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5 Cards That Heirs of Numenor Have Made Relevant Again

by on December 13, 2012

I am really enjoying the time I have spent with Heirs so far. I successfully conquered the Peril in Pelargir, and now have been swimming neck deep in enemies with the Into Ithilien quest. One of the things that I really love about this expansion so far is the way that it is forcing players to re-examine how they build decks. I really feel tested as a player and a deck-builder, in a way that I haven’t felt since my struggles with Conflict at the Carrock back in the day. So as I was building and re-building decks recently, I have found myself including cards that previously didn’t see the light of day, and I’m glad that these cards are no longer doomed to a fate of gathering dust. Here they are:

For Gondor

for gondor

This one is clear. Previously, there was not much use for this card. It did provide a global boost to attack, but I never found it useful enough to include in a deck, and there weren’t enough Gondor characters to benefit from the defense buff. Now I find this card extremely useful, mostly to give a questing boost for those battle stages.


Beorn (Hero)

beorn

Yup, the bear never hit the table as a hero for me, mostly because I could generate enough attack with other heroes and his restriction on attachments and immunity to healing effects harshly limited his utility. Now I find his 10 hit points useful in soaking up damage when the encounter deck is dealing out damage like candy on Halloween. More than anything though, that 5 attack can be key in the early stages of a battle quest (he’s like the battle Eowyn).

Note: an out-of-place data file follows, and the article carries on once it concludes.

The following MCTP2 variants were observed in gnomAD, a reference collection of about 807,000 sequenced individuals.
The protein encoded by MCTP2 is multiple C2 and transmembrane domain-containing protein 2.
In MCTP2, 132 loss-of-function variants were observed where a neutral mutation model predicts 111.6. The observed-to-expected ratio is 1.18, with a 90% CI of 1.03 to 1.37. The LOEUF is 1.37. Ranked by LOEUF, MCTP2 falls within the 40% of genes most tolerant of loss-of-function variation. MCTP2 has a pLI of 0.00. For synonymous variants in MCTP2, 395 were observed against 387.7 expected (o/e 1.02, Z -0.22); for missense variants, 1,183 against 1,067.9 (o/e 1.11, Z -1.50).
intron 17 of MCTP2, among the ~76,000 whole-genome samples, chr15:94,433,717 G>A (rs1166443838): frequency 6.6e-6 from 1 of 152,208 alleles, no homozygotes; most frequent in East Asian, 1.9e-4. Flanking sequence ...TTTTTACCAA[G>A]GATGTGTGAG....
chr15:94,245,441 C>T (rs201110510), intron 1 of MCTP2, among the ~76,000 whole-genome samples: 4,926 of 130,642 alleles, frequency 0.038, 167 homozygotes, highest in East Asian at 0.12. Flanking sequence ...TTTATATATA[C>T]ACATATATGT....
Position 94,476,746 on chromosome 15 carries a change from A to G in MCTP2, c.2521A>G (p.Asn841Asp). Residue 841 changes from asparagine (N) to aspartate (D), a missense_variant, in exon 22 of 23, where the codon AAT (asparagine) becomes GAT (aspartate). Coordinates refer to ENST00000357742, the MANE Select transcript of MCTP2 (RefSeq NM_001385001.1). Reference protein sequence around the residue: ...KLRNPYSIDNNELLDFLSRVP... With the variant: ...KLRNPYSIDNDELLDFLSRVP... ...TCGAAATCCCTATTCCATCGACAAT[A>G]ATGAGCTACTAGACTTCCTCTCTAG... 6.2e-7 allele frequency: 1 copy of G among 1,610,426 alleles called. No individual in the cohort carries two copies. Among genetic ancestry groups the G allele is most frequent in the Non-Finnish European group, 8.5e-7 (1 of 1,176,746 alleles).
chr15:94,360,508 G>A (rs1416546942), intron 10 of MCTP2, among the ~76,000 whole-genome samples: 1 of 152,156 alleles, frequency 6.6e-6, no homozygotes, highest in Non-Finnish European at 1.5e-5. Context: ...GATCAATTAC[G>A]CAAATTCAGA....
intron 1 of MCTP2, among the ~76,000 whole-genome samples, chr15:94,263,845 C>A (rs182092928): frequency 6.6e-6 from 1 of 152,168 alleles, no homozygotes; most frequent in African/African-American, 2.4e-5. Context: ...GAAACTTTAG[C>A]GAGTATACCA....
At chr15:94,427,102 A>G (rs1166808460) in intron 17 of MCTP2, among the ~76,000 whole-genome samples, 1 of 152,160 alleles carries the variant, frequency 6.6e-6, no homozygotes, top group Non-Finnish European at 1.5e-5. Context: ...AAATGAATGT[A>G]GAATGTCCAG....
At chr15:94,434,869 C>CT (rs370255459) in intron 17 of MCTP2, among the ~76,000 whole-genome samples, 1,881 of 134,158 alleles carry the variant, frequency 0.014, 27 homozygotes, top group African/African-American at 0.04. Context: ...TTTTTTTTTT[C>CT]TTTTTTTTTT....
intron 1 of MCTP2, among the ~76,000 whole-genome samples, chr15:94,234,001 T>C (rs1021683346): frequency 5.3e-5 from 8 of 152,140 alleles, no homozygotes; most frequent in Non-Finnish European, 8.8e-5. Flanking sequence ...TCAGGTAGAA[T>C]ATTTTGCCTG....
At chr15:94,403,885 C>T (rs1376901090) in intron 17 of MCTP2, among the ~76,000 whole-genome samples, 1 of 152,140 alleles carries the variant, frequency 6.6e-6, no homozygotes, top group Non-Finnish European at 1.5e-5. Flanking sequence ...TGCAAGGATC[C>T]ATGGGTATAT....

• Guard of the Citadel

guard of the citadel

I haven’t used this guy in ages, as he quickly became too vanilla and not powerful enough to justify using with the first few AP’s that came out. Now, he is a low-cost Leadership ally that has 2 hit points and 2 attack with Leadership Boromir’s ability.

• Trollshaw Scout

trollshaw scout

I never saw a big use for him before, since it was nice that he didn’t need to exhaust to attack, but it required discarding a card. In the past, I would rather include Watcher of the Bruinen, if I was going to include one of the card-burning allies. However, he suddenly becomes a lot more useful to help with battle questing, and dealing with the massive amounts of enemies that come off the encounter deck in these scenarios.

• Path of Need

path of need

I still hate that this card is limited to only one per deck, and the 4 cost is still a bit prohibitive. However, in battles and sieges, we now have the tough challenge of exhausting valuable attackers and defenders in order to quest, which renders us far more valuable to enemies. This card essentially allows the player to devote everyone for one turn to a battle or siege without exhausting them, leaving them free to deal with enemies in combat (technically, this card lasts as long as a card is the active location, which in practice means it will probably last for one turn if you are questing with everyone). This can turn the tide during a scenario.

*Pro Tip: Use Thror’s Map or a similar card to remove the location Path of Need is attached to from being the active location after the staging step and before quest resolution. This will keep it in play so that you can travel to that location on another turn, and get another use out of Path of Need.

Honorable Mention: Self Preservation

self preservation